We watched episode two of Torchwood: Miracle Day on Sunday (still behind, I know, sorry!) and have noted the negative comments appearing on my last post. I’m not sure how fair some of these are – most of them coming from disgruntled longtime fans. Fans: please bear in mind that reinventing a show for a new country, new audience, new production regime, new cast – this is a Hard Thing to do, and I think Russell T Davies et al have been pretty bold with setting up the single premise.
Granted, I’m only two episodes in so don’t know quite how well it’ll sustain itself – the one criticism I thought sounded fair was the idea that the plot of the season might well have washed out happily in a couple of eps – but it feels like its building nicely to me.
Exposition in the early days of a lot of new television series is often slightly painful (it doesnâ€™t need to be but its hard to avoid). The premise needs playing out, the characters need developing, the universe needs staging. It’s understandably frustrating seeing this happen with a show you already know, characters you’ve followed for years. This is one of the reasons that novel adaptations are often (not always) regarded as inferior to the original – they are necessarily different to meet the demands of the new medium – and I think American TV does count as a new medium in some respects.
If we cast our minds back to the early seasons of Torchwood, if we’re being fair, we’ll remember that it was a pretty dire thing that the Beeb had made. And yet it matured by season three into a thing with millions of fans. We’re only up to episode three of the new series – give it a chance, it feels like it’ll weather well.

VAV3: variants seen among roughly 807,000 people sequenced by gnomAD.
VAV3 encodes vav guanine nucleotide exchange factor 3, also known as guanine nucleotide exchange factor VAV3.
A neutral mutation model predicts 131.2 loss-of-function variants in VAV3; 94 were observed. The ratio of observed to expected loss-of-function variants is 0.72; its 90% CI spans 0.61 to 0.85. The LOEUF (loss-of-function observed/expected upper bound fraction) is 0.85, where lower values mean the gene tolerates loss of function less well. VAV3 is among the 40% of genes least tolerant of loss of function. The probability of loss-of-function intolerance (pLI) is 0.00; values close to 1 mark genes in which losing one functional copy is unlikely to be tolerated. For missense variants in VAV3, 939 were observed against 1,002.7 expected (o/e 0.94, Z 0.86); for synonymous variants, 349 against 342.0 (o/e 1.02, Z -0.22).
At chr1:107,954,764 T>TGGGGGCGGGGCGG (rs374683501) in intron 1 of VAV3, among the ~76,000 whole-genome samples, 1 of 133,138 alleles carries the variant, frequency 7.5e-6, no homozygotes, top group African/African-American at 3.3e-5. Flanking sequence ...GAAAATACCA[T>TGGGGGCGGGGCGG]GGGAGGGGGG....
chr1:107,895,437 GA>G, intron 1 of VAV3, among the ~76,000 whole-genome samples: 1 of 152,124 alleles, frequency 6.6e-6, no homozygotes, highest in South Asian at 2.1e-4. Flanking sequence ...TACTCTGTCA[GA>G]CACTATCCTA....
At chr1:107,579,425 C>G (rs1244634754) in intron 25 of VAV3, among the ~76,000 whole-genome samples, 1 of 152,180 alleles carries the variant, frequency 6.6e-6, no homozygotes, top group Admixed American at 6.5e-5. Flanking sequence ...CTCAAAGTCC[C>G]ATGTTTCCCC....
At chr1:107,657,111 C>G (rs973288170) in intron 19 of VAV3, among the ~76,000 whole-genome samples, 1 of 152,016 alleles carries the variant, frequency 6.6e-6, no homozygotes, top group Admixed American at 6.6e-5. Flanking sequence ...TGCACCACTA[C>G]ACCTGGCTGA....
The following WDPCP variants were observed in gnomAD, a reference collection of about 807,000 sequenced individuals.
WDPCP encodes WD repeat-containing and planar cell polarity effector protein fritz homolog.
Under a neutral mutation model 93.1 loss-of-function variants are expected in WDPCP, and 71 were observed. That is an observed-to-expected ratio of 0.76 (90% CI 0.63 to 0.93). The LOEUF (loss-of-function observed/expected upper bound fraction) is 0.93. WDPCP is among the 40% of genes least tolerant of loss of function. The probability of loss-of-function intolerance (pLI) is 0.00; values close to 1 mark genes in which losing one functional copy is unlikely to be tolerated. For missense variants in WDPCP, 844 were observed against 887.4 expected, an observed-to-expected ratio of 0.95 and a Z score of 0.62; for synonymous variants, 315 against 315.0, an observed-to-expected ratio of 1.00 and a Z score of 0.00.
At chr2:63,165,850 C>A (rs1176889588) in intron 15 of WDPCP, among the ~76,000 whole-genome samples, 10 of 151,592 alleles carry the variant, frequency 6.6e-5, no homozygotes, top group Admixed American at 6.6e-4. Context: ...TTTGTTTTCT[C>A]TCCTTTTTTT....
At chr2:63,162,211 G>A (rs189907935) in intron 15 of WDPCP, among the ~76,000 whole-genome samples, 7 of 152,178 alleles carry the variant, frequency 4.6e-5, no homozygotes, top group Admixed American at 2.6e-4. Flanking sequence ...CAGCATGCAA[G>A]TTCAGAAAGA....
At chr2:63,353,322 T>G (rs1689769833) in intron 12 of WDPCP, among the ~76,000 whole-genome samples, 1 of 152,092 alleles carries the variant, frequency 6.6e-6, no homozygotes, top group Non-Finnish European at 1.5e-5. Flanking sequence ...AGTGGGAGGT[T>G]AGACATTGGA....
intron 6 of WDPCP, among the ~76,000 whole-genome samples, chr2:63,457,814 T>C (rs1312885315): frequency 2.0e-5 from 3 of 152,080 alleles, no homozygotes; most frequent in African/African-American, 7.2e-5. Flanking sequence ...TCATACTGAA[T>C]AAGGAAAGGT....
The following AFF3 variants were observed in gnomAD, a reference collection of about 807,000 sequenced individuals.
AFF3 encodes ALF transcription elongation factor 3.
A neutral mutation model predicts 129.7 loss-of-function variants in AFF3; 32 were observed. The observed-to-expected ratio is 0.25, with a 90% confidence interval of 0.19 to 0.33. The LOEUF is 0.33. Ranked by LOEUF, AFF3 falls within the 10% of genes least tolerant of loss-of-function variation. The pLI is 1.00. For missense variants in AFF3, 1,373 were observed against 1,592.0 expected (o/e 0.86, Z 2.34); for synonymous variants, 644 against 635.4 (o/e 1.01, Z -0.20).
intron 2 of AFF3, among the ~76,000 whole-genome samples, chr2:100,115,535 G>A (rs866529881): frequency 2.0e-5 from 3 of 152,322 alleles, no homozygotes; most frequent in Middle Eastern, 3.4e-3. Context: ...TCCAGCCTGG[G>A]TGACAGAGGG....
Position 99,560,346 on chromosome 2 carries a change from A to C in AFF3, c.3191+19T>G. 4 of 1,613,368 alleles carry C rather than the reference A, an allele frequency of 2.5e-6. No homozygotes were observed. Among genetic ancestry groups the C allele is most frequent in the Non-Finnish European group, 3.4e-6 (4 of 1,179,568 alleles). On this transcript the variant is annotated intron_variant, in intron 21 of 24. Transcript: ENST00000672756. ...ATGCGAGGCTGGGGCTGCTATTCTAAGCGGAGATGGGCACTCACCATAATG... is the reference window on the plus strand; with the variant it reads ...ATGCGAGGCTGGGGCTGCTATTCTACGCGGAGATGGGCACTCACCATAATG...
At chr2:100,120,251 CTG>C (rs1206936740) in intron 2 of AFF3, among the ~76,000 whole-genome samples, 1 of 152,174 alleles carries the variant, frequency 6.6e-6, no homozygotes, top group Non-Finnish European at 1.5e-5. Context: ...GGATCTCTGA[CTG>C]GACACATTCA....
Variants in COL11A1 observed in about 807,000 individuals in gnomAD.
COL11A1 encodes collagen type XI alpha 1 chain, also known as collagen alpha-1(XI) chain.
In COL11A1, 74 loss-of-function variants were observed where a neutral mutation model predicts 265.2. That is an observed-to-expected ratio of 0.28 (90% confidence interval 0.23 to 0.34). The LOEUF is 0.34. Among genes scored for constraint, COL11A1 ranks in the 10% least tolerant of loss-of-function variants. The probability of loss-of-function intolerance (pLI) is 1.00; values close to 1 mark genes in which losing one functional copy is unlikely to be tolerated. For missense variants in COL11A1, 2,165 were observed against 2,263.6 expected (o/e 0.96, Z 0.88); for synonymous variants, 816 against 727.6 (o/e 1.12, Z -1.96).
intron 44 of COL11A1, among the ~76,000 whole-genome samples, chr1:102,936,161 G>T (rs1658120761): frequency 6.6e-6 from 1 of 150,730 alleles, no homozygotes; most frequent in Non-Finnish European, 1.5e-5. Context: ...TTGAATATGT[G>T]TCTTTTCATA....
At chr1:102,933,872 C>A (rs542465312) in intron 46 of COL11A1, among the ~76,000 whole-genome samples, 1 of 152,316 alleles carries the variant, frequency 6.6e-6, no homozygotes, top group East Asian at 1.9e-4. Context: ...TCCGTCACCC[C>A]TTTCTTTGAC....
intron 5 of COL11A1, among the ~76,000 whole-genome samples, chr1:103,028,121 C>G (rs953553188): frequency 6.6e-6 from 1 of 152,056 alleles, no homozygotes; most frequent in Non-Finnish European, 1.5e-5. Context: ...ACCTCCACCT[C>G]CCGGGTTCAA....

That said, none of the negative comments indicate people are going to stop watching, so perhaps you are all giving it a chance – just needing a place to vent and lament the passing of the Torchwood of old. To you, I say, if you wanted it to stay made in Britain, you should have been willing to pay a bigger license fee! The BBC couldn’t afford to produce a show like this by itself; heck, even Dr Who only got 1.5 seasons worth of television this year. Auntie is hurting, and admittedly it is a slightly bureaucratic mess at times, but its output is remarkable and I’ll be sad if its star wanes with the cuts we have ahead of us.
FWIW, Iâ€™m loving the Beebâ€™s co-production strategy. I think change is good, if unsettling, and weâ€™ll see a whole new breed of television that works in a way we simply couldnâ€™t manage if we were left to our own devices.